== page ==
It has been said that if cats could talk, they wouldn't. But actually, says Mafia Honey – the Maltese terrier hero and narrator of Andrew O'Hagan's fourth novel – they versify. "We [dogs] usually hate cats, not for the typical reasons, but because they show an exclusive preference for poetry over prose." Butterflies also have a Nabokovian turn of phrase, there are bedbugs who profess to have Russian souls, and a fly drowning in soup who accepts his fate philosophically, spouting Schopenhauer in a thick Bronx accent. Perhaps it's a failure of our imagination if we humans don't hear them. Or, as one Jack Russell argues, perhaps it suits us, and our speciesist assumptions of superiority, not to listen. Listening, Maf says, is a dog's greatest talent.
Maf's picaresque memoir begins in the Sussex home of Vanessa Bell, where his formative years are spent absorbing the tastes and opinions of the Bloomsbury group. By the time he's taken to New York by Mrs Gurdin, Natalie Wood's Russian émigré mother, Maf is astonishingly erudite and dauntingly well-read. Mrs Gurdin sells him to Frank Sinatra, who wants him as a present for Marilyn Monroe.
Monroe took her dog with her most places she went, and O'Hagan's novel is a series of set pieces viewed from Maf's eye-level – dinner at the Copacabana club; in the Actors' Studio; on the therapist's couch; on the set of Something's Got to Give – embellished with cultural criticism and philosophical enquiry.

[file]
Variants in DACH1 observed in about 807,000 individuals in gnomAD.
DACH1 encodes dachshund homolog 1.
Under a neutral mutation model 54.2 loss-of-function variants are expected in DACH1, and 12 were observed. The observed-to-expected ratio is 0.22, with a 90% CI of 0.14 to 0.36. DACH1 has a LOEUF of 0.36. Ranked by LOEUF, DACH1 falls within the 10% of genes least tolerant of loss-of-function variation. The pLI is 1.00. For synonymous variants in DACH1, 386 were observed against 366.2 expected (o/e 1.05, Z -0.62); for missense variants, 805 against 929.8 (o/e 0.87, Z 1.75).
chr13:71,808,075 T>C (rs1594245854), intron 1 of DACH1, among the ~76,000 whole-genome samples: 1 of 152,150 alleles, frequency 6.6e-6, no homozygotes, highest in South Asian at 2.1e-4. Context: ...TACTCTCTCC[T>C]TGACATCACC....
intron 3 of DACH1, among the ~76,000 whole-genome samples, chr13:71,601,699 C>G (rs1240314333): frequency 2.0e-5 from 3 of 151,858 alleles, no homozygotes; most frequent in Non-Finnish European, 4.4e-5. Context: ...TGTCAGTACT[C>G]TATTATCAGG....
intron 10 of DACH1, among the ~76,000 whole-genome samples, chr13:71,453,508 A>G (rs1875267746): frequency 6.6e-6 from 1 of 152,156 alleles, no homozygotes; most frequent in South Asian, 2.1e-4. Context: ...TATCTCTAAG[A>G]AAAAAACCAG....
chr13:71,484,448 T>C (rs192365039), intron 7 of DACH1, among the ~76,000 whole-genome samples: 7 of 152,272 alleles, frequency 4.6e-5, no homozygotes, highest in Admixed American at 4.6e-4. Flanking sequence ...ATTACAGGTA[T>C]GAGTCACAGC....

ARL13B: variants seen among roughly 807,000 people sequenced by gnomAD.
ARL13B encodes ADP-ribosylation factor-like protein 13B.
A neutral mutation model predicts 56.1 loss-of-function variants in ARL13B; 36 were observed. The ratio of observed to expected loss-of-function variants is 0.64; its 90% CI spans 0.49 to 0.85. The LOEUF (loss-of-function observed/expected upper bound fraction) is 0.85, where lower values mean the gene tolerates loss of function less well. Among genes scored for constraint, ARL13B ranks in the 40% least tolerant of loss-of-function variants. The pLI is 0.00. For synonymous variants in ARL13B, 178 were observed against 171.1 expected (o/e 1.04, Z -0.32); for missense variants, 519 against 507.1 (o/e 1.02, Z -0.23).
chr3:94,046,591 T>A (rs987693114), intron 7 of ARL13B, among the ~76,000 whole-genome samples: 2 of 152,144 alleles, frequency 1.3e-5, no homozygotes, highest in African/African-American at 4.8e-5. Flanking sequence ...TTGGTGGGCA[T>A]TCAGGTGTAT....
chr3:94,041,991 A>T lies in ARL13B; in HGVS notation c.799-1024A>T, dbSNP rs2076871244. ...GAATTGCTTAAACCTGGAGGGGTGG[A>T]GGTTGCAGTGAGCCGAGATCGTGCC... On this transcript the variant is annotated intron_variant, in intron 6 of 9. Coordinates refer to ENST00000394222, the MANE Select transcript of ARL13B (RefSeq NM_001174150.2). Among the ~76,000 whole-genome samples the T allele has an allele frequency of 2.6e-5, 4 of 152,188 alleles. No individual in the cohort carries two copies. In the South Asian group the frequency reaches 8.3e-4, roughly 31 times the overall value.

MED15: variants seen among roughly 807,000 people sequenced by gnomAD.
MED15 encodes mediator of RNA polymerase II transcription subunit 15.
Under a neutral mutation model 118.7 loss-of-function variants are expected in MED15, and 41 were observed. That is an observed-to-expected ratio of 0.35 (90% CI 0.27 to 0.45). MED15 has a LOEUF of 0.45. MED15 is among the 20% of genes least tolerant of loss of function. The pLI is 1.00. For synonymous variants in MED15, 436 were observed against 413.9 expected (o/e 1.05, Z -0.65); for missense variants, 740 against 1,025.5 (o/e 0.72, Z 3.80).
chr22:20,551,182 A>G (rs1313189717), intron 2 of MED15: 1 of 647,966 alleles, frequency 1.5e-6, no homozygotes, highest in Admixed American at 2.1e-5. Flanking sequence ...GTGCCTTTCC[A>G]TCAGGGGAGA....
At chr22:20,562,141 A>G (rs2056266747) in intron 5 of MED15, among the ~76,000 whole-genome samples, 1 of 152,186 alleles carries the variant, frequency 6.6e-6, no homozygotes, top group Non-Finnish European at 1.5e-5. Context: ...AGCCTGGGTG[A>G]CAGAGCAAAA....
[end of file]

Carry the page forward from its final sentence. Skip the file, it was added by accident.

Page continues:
It's a novel about movies, which is to say it is about America and the stories it tells itself. It is roughly set in that period between JFK's election and his assassination, during which optimism trumped paranoia and the country was reaching for the Moon. It touches on politics (Trotsky is Maf's hero) and philosophy (Aristotle's Historia Animalium, obviously). It is littered with piercing critical insights, which Maf is prepared to defend by biting the ankles of more pompous literary critics. It ranges over a vast amount of art and literature, and is about the transformative power of both. And without taking itself too seriously, it's even about the human condition and the nature of existence.
But if such a gossipy, episodic and endlessly digressive book* might be said to have a central focus, it would be on that "strange and unhappy creature", Maf's owner, during the final two years of her life. "She had more natural comedy to her than anybody I would ever know," says Maf, and we get evidence of it in all the scenes in which Marilyn is in company. She's also intelligent, insightful and committed to a project of self- improvement. Unfortunately, she neither trusts nor values her opinions, and her failed marriage to Arthur Miller has intensified her feelings of intellectual insecurity. Being the archetypal dumb blonde for a living hardly helps, and by the novel's end, "Marilyn's panic about who she was had become who she was."
Maf is privy to Monroe's unguarded moments, and O'Hagan gives an intimate and affectionate account of her. It doesn't do anything so crass as to join in with speculation over her death or love life, but the unusual point of view allows us to see one of the 20th century's most mythologised icons afresh.
It's a part of the story's sadness, however, that she remains just beyond reach, "sliding towards abstraction", and Maf sums up plainly the anguish of anyone who ever felt powerless to save a person they love: "Sometimes it made me sad that she couldn't hear me."
* "A dog is bound to like footnotes," says Maf. "We spend our lives down here."Reuse content